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The Macallan ingenuity

FIRST, a disclaimer. I occasionally drink whisky, mostly scotch over bourbon, and I do appreciate single malt over blends, but I am not remotely considered a whisky lover. Being a wine enthusiast for close to three decades now, I am just simply enthralled by the emerging public interest on single malt whiskies.

Attending Whisky Live and talking whisky with whisky experts like “the one and only” Jim Murray, and our own Philippine connoisseur Johnssen Li, made me extremely interested in this single malt category. Both Murray, during my short interview with him at the inaugural Whisky Live! Manila way back in 2016, and my friend Johnssen Li have said to me that wine people are normally better trained at describing and even appreciating whiskies because of the sensory sensitivity of our nose and palate. After all, it is way different to smell and taste alcohol at the 40-50% (in the case of whisky) range versus one at 12-15% (in the case of wine). And so, I took advice from these two wise men and on occasions would drink single malt whisky, especially over crappy by-the-glass wine selections in bars and restaurants.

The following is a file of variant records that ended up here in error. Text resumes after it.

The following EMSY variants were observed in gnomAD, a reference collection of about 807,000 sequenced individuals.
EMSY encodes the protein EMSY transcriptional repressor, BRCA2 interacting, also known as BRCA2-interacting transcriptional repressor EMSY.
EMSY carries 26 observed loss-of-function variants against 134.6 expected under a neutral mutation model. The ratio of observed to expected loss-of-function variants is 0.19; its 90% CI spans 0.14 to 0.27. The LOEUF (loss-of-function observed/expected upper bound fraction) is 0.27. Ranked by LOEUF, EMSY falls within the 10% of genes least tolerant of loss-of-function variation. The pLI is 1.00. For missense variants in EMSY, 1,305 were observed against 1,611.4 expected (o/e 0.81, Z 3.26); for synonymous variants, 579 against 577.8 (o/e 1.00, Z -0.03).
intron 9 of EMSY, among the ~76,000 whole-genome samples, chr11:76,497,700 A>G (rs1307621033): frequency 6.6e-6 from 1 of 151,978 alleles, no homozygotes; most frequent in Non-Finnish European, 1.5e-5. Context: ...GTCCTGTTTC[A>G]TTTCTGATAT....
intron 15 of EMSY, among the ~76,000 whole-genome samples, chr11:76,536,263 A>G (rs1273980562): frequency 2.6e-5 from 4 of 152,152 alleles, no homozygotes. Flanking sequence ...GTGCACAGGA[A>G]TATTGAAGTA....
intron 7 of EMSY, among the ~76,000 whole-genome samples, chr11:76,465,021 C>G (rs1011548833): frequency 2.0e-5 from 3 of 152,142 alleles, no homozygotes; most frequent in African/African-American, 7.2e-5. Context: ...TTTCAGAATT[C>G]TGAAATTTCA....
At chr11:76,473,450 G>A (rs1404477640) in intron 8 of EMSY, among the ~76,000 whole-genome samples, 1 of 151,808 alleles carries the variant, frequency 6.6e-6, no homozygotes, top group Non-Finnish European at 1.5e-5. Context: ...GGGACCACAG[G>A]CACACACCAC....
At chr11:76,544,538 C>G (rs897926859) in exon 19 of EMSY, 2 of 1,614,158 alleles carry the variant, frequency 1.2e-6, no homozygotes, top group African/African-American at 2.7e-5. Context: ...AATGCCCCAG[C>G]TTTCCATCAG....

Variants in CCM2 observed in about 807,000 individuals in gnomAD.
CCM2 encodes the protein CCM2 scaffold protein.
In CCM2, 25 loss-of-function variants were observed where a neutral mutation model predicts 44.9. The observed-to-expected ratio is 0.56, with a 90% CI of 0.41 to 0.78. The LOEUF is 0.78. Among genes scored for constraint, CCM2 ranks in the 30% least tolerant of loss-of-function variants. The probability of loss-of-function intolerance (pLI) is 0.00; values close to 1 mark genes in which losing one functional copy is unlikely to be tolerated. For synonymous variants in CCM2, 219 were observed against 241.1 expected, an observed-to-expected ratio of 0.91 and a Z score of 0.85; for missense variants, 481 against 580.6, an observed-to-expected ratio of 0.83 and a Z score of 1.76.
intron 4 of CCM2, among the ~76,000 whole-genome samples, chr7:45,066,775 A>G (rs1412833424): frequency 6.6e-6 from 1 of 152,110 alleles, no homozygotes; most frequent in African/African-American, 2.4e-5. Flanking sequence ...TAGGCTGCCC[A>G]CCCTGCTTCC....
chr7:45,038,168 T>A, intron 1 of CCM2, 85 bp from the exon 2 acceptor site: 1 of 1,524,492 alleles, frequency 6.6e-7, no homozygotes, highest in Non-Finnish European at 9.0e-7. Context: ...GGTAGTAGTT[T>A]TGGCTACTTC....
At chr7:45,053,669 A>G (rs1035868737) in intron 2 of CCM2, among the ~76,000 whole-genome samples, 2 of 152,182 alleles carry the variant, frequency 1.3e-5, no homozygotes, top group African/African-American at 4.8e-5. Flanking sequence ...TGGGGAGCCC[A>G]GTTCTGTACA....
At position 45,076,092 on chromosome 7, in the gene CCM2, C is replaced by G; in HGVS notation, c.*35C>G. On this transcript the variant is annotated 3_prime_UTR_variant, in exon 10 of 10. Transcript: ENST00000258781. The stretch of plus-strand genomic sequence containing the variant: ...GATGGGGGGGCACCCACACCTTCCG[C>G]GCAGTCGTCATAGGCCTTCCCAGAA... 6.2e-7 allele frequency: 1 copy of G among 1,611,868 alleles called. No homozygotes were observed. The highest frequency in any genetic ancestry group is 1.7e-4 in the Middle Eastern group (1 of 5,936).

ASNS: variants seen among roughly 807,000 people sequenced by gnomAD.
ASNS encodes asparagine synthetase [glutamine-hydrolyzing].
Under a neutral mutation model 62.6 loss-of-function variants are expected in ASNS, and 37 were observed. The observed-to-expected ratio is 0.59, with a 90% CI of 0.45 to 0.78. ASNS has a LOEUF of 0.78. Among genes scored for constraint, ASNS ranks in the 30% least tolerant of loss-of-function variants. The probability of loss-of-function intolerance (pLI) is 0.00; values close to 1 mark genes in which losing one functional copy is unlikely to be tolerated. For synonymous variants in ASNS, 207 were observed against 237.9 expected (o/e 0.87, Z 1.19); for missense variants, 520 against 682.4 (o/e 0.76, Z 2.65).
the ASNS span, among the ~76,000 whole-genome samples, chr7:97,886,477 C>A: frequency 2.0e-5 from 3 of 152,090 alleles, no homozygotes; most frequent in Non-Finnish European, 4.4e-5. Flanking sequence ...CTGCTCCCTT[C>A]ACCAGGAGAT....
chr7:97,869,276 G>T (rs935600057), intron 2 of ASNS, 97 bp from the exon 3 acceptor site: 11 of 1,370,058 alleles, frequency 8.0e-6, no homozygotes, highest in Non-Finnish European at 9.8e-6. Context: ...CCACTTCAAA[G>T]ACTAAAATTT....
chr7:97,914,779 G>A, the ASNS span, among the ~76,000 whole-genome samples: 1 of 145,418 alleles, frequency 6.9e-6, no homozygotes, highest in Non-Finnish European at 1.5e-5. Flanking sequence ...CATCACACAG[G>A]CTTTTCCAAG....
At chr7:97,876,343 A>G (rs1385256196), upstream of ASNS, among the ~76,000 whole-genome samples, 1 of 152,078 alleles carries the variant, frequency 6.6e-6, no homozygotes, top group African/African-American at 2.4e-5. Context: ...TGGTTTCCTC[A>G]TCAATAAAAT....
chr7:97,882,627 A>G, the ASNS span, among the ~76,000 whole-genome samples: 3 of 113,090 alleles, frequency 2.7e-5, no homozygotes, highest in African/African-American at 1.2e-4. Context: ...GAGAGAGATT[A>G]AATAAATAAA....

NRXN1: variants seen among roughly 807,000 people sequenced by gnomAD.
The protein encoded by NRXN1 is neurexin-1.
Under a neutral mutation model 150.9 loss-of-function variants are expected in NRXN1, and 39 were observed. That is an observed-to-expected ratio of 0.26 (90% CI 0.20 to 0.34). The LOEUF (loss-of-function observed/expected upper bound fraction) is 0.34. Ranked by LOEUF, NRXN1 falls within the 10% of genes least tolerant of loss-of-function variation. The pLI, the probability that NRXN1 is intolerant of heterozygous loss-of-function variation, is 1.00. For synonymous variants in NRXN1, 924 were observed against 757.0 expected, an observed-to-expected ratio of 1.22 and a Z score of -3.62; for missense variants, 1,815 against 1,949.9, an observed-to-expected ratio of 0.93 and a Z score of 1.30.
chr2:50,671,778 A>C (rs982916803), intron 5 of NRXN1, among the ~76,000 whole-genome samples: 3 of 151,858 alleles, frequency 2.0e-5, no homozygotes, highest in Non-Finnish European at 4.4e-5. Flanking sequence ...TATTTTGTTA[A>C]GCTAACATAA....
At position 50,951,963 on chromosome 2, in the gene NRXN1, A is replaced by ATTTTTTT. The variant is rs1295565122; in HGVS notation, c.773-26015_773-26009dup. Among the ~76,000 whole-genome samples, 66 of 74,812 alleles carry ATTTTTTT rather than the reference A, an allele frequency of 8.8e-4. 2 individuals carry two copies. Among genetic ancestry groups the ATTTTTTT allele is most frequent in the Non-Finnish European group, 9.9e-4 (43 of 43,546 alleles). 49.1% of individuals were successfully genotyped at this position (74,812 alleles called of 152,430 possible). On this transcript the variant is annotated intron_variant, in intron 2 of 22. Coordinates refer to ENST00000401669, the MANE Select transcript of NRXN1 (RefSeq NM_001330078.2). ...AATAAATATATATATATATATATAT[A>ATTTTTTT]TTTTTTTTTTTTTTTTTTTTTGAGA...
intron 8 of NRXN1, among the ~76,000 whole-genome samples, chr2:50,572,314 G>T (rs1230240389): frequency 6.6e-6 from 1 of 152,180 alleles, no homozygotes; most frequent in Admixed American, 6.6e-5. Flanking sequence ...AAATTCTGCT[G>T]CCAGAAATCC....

MACALLAN RULESMacallan was founded in 1824 on a plateau above the River Spey in north-east Scotland, and since 1999 has been part of the huge Edrington Group spirits company based in Glasgow.

As far as I can remember, Macallan has always been the de facto go to single malt brand. In fact, Macallan often has stock-availability issues in the Philippines given its strong demand. When the single malt category exploded in the country a decade or so ago, Macallan was able to capitalize on this.

Right now, an entry level Macallan 12-year-old is around P8,000 for a standard 700 ml bottle, while other big single-malt brands like a Glenfiddich and a Singleton would retail their 12-year-old counterparts at less than P3,000 a bottle. While these age-stated Macallan whiskies are their top sellers, Macallan is also renowned for several non-age stated limited release whiskies including, if you check out their website, the recently launched Harmony Collection II series.

THE THEATRICS OF COFFEEOn March 9 at the Garden Pavilion of the Grand Hyatt BGC, I attended a media launch of the Macallan Harmony Collection II, inspired by its coffee whisky. This is called the Harmony Collection II because the first one was inspired by cacao and called the Macallan Harmony Collection Rich Cacao (launched over a year ago).